But now Christ is risen from the dead… For as in Adam all die, even so in Christ all shall be made alive… For He must reign till He has put all enemies under His feet. The last enemy that will be destroyed is death. (1 Cor. 15:20,22, 25,26)
I have been to too many funerals where death is celebrated as a “Graduation Day” for saints, a celestial “homecoming” for the dearly departed. We are sometimes told that God “took” a person because His purpose for them on earth was fulfilled; or, that God needed another angel for His heavenly choir, or another flower for His heavenly garden, or some other such nonsense.
Why do we make God responsible for “taking” people in death? It seems our problem is not so much with God as with our religious conceptions of Who we think God is and what we think God does.
Death is not part of God’s perfect plan, but is the result of man’s rebellion against God’s perfect plan. Death is an alien intrusion into God’s perfectly good creation. God warned Adam that death would result from disobedience, and so it did. Adam “died” spiritually the day he chose an independent path from his Creator. But Adam’s failure did not change God’s love for him, and did not hinder God’s ability to reach out and provide a way of escape to Adam. God is against death.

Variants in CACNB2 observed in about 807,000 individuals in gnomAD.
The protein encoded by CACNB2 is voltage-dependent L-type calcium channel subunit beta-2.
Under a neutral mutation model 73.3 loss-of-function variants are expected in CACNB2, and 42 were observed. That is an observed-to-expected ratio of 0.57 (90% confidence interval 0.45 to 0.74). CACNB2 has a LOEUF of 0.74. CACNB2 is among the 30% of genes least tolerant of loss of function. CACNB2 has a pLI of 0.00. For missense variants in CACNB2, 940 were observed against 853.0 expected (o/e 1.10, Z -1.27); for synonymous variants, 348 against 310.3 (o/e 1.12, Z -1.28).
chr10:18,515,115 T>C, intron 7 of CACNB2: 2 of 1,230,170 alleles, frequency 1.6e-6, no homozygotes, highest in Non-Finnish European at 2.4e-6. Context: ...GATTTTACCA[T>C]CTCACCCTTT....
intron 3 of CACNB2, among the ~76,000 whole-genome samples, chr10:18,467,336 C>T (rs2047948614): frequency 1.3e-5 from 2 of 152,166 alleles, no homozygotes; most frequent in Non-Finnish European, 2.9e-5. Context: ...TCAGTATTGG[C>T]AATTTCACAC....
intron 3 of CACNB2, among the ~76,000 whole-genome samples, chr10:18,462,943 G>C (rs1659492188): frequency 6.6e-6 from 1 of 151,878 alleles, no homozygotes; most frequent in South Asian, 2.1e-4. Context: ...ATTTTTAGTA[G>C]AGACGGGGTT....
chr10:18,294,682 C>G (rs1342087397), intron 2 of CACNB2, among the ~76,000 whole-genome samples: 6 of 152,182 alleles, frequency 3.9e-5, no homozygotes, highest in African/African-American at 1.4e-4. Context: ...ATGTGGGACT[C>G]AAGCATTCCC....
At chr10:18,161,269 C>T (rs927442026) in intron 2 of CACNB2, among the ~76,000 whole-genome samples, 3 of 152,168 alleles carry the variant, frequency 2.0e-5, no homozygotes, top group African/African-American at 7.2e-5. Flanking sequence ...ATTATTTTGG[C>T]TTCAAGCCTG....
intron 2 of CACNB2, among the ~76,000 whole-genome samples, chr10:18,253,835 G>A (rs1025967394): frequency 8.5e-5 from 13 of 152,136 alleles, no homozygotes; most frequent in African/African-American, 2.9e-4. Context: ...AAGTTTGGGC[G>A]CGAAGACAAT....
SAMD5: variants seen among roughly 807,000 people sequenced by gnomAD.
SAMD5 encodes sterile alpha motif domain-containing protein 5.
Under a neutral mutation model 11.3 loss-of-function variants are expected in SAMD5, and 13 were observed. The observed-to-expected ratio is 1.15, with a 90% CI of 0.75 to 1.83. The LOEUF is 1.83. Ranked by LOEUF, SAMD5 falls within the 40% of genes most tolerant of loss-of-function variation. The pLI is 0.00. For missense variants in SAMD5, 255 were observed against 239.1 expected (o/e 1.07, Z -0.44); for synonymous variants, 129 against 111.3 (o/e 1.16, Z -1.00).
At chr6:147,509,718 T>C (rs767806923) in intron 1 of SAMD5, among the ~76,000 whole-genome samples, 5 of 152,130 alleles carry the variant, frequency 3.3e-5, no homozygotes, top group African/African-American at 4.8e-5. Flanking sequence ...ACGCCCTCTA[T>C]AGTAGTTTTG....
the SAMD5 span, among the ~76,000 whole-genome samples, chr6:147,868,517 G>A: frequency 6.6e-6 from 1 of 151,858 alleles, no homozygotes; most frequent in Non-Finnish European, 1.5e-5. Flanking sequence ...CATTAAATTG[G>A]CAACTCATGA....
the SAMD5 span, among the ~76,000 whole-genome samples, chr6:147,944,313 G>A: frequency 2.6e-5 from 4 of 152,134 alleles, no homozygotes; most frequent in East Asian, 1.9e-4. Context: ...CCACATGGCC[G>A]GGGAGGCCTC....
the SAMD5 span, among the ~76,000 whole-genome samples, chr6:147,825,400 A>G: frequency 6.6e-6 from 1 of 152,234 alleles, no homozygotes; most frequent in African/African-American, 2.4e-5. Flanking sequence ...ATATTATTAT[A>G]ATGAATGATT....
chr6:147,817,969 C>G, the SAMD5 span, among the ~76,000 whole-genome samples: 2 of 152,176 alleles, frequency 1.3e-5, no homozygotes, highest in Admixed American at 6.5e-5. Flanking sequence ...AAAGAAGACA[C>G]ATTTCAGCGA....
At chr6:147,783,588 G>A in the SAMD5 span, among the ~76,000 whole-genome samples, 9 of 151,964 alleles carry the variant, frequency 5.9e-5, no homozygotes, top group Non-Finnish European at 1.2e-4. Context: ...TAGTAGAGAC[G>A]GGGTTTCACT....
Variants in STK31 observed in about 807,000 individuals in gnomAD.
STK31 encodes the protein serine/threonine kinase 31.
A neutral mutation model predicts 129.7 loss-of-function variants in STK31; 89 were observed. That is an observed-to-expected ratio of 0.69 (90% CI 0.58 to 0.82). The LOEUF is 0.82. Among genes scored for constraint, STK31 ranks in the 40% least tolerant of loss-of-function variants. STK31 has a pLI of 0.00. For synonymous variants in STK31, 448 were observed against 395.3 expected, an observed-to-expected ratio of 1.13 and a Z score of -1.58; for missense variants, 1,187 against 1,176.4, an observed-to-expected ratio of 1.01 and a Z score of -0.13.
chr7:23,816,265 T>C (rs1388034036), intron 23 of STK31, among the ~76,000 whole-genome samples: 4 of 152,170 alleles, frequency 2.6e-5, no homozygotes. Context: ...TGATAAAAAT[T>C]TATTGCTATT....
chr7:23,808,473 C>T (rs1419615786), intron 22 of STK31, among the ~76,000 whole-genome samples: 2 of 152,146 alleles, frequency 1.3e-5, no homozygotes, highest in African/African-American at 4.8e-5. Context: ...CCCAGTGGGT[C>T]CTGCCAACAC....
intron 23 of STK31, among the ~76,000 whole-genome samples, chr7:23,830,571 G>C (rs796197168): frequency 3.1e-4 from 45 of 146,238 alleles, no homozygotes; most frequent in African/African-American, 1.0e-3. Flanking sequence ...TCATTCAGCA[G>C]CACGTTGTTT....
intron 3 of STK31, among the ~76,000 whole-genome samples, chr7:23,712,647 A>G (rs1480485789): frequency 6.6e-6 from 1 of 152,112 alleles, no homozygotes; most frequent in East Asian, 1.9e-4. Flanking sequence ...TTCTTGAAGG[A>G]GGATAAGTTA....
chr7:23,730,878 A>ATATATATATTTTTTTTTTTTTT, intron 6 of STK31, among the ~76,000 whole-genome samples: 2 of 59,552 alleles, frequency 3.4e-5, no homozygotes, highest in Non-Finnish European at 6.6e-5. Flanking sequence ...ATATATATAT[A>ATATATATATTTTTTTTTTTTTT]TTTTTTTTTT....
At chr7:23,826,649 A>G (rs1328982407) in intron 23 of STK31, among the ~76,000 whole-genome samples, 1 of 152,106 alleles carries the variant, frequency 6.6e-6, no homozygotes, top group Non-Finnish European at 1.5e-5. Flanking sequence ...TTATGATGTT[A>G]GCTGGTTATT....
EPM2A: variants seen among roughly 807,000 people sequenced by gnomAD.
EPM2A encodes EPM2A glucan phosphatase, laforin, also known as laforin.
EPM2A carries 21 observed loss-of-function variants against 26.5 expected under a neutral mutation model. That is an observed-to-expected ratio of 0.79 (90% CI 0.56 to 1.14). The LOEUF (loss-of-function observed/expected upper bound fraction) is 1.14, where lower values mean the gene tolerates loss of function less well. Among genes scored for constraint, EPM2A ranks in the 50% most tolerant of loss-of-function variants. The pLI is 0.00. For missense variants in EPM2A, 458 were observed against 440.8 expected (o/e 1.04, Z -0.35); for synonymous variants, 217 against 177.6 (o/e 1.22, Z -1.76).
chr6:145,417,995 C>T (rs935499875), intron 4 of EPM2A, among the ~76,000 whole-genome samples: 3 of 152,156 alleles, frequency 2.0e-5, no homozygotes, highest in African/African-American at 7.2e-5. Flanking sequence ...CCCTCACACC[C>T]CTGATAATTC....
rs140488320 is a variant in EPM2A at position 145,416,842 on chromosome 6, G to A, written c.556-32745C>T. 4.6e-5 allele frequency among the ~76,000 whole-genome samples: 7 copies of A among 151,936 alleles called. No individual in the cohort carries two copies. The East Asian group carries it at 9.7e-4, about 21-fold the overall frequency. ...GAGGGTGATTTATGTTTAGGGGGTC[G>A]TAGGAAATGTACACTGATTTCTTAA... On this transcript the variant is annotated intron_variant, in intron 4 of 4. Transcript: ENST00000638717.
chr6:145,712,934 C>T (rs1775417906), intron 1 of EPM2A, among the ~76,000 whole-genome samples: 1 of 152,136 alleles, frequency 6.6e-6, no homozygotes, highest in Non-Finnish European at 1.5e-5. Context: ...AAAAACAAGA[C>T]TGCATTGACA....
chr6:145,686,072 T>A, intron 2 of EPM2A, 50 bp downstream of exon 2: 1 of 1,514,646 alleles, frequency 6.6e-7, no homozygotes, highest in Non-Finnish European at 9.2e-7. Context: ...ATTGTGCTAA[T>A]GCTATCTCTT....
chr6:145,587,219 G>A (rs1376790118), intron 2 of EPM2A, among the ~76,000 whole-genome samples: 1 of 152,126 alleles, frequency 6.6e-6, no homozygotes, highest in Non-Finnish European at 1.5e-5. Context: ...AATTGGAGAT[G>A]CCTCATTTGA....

In Christ we see the end result of that “way of escape.” God demonstrated His saving purpose by raising Jesus from the dead. Resurrection Life triumphed over Death because “God raised up [Jesus], having loosed the pains of death, because it was not possible that He should be held by it” (Acts 2:24). It was not possible then, and it is not possible now, that Death should continue on forever. Life must overcome Death; Light must overcome Darkness; Love must overcome Fear; Good must overcome Evil.
What God has done in Christ, raising Him from the dead, is what God wishes to do for all people. No one disputes the fact that “in Adam all die.” It is a known fact. We see the effects of sin and death on all Creation. Nevertheless, “as in Adam all die, so in Christ will all be made alive” (1 Cor. 15:22). Death, that seems to prevail now, is not a permanent, irreversible state. Jesus declared, “The dead will hear the voice of the Son of God; and those who hear will live” (Jn. 5:25). God will not permit death to go on forever, but has defeated it in Christ, and through Christ, will eventually destroy it altogether.
While the Psalmist declares that “precious in the sight of the Lord is the death of His saints” (Ps. 116:15) this can hardly mean that God delights in the death of His saints when Scripture treats death as an enemy. The “preciousness” here might be better understood if translated as weighty, important, noteworthy, or significant. The meaning is that God sees and cares about the death of His saints and will one day restore everyone death has stolen from us.